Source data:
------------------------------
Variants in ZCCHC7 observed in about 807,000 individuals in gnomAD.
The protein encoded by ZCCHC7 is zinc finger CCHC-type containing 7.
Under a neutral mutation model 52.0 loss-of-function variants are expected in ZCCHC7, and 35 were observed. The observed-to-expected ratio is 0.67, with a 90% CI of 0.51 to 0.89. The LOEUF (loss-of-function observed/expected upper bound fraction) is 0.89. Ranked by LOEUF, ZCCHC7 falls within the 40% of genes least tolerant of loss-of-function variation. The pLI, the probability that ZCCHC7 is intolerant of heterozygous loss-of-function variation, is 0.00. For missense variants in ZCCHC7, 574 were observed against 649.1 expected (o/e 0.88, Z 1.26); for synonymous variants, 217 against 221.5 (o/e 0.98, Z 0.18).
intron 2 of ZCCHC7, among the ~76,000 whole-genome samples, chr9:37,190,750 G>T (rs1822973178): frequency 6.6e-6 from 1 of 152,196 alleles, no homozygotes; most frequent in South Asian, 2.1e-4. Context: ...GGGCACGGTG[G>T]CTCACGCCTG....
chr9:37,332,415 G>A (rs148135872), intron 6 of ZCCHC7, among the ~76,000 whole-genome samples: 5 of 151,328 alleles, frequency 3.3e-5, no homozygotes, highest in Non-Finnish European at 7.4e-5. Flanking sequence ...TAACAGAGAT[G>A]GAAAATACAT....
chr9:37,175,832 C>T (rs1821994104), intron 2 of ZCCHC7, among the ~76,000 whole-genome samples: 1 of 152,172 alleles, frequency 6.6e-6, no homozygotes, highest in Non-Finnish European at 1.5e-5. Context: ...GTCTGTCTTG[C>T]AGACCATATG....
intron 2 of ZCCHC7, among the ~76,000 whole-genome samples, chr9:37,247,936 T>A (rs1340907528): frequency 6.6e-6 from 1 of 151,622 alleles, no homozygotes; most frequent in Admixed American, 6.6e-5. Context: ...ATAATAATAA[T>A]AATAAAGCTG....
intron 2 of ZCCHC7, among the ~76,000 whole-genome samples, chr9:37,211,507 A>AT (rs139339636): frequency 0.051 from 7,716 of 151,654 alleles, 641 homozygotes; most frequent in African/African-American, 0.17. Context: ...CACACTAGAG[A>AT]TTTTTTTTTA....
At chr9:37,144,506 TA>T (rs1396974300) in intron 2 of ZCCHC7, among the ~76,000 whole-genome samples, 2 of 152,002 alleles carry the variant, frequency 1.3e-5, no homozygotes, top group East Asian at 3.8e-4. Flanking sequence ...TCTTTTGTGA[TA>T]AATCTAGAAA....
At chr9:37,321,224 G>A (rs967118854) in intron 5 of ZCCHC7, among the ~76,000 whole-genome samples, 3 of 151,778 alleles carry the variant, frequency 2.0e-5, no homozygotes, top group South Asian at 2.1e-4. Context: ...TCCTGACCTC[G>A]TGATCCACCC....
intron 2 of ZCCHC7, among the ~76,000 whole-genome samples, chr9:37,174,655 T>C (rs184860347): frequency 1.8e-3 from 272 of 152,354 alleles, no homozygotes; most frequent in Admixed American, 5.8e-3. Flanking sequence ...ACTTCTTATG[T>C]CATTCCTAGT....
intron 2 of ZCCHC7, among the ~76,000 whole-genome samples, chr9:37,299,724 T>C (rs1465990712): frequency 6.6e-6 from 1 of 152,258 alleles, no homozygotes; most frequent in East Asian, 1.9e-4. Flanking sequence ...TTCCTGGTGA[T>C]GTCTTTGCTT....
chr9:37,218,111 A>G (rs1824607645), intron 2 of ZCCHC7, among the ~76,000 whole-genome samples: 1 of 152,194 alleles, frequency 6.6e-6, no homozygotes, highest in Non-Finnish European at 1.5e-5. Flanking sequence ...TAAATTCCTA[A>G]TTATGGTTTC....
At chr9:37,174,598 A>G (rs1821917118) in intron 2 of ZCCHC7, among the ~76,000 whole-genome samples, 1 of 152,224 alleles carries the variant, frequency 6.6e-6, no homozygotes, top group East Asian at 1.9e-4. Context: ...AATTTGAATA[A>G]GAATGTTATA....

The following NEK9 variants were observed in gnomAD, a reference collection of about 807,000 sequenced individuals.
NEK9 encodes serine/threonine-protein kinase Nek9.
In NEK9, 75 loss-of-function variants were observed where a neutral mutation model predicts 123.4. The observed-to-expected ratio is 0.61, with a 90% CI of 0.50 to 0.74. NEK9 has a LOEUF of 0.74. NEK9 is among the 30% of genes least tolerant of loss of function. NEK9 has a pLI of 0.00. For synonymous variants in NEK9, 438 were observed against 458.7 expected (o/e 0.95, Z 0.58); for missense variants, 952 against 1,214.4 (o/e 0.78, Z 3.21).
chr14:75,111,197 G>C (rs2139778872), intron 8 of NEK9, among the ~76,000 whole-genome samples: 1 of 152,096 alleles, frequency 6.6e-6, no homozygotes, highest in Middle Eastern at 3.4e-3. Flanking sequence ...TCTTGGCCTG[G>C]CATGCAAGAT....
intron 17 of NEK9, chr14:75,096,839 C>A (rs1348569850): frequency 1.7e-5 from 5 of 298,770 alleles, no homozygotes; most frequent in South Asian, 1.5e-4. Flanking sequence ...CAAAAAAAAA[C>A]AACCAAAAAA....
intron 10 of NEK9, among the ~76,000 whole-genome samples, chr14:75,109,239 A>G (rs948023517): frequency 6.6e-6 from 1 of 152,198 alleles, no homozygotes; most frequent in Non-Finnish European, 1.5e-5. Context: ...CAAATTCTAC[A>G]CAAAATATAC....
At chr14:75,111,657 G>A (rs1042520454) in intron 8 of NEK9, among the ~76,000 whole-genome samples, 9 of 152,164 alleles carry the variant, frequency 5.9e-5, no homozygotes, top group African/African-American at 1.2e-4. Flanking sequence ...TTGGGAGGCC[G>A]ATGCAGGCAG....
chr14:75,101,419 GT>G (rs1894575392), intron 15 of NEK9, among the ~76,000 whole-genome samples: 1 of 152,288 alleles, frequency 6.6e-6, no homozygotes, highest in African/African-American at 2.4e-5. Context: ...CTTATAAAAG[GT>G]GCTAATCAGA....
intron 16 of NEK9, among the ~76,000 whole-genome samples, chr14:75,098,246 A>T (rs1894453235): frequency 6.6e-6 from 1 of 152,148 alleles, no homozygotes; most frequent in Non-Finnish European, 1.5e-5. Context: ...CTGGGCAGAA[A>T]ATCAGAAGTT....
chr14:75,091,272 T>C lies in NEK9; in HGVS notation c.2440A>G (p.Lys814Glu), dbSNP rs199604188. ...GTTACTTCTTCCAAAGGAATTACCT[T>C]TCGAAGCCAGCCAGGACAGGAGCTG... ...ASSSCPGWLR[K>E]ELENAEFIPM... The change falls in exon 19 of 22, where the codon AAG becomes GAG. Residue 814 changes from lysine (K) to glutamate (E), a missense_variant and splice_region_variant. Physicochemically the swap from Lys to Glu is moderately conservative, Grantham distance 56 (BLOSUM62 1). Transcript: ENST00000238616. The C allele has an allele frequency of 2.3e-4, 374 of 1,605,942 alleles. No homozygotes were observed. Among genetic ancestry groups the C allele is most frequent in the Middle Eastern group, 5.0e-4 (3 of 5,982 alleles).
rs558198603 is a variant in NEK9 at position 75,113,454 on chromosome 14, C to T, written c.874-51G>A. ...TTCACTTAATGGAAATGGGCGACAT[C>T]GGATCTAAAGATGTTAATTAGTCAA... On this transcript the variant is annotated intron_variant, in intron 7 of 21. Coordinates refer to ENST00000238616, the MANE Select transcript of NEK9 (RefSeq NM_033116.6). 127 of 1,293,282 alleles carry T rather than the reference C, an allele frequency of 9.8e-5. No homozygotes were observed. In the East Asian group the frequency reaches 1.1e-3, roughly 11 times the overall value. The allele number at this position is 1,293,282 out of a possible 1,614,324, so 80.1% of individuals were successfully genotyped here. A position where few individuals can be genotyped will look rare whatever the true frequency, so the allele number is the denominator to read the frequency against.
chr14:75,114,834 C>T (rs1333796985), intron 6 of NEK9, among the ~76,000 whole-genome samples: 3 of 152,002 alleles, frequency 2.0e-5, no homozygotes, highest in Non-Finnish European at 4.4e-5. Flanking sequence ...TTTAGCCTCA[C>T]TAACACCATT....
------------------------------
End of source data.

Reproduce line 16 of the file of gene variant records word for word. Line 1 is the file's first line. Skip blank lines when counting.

NEK9 encodes serine/threonine-protein kinase Nek9.